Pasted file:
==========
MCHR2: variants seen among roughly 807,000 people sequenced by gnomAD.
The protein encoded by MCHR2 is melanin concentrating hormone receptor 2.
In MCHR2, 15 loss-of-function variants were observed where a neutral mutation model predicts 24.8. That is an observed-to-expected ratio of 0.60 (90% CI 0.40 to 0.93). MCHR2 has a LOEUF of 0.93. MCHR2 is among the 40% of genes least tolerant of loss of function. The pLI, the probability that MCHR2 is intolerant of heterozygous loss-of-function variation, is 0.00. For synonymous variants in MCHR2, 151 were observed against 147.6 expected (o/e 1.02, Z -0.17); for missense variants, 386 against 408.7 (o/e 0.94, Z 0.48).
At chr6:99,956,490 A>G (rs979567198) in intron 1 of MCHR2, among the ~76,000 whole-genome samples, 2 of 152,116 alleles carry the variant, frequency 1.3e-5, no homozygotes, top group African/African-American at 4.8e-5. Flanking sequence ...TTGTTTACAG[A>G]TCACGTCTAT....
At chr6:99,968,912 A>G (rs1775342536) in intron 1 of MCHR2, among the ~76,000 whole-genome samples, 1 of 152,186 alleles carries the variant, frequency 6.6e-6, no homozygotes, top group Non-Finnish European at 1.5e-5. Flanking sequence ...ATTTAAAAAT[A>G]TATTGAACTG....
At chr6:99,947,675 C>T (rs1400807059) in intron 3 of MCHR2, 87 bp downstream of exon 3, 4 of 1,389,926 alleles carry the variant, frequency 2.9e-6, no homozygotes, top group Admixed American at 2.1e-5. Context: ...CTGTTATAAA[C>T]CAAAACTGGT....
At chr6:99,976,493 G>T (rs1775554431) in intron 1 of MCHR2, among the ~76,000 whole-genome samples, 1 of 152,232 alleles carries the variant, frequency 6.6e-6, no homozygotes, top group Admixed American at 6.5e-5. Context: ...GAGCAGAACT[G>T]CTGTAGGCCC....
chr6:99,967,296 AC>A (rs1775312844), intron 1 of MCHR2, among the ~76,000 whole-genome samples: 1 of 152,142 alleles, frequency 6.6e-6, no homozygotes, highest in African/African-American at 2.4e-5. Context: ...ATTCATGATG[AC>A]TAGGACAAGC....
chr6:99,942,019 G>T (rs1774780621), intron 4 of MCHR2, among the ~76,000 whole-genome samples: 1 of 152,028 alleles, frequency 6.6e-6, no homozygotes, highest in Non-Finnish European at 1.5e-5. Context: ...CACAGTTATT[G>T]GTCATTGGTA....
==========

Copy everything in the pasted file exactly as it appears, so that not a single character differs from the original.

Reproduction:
MCHR2: variants seen among roughly 807,000 people sequenced by gnomAD.
The protein encoded by MCHR2 is melanin concentrating hormone receptor 2.
In MCHR2, 15 loss-of-function variants were observed where a neutral mutation model predicts 24.8. That is an observed-to-expected ratio of 0.60 (90% CI 0.40 to 0.93). MCHR2 has a LOEUF of 0.93. MCHR2 is among the 40% of genes least tolerant of loss of function. The pLI, the probability that MCHR2 is intolerant of heterozygous loss-of-function variation, is 0.00. For synonymous variants in MCHR2, 151 were observed against 147.6 expected (o/e 1.02, Z -0.17); for missense variants, 386 against 408.7 (o/e 0.94, Z 0.48).
At chr6:99,956,490 A>G (rs979567198) in intron 1 of MCHR2, among the ~76,000 whole-genome samples, 2 of 152,116 alleles carry the variant, frequency 1.3e-5, no homozygotes, top group African/African-American at 4.8e-5. Flanking sequence ...TTGTTTACAG[A>G]TCACGTCTAT....
At chr6:99,968,912 A>G (rs1775342536) in intron 1 of MCHR2, among the ~76,000 whole-genome samples, 1 of 152,186 alleles carries the variant, frequency 6.6e-6, no homozygotes, top group Non-Finnish European at 1.5e-5. Flanking sequence ...ATTTAAAAAT[A>G]TATTGAACTG....
At chr6:99,947,675 C>T (rs1400807059) in intron 3 of MCHR2, 87 bp downstream of exon 3, 4 of 1,389,926 alleles carry the variant, frequency 2.9e-6, no homozygotes, top group Admixed American at 2.1e-5. Context: ...CTGTTATAAA[C>T]CAAAACTGGT....
At chr6:99,976,493 G>T (rs1775554431) in intron 1 of MCHR2, among the ~76,000 whole-genome samples, 1 of 152,232 alleles carries the variant, frequency 6.6e-6, no homozygotes, top group Admixed American at 6.5e-5. Context: ...GAGCAGAACT[G>T]CTGTAGGCCC....
chr6:99,967,296 AC>A (rs1775312844), intron 1 of MCHR2, among the ~76,000 whole-genome samples: 1 of 152,142 alleles, frequency 6.6e-6, no homozygotes, highest in African/African-American at 2.4e-5. Context: ...ATTCATGATG[AC>A]TAGGACAAGC....
chr6:99,942,019 G>T (rs1774780621), intron 4 of MCHR2, among the ~76,000 whole-genome samples: 1 of 152,028 alleles, frequency 6.6e-6, no homozygotes, highest in Non-Finnish European at 1.5e-5. Context: ...CACAGTTATT[G>T]GTCATTGGTA....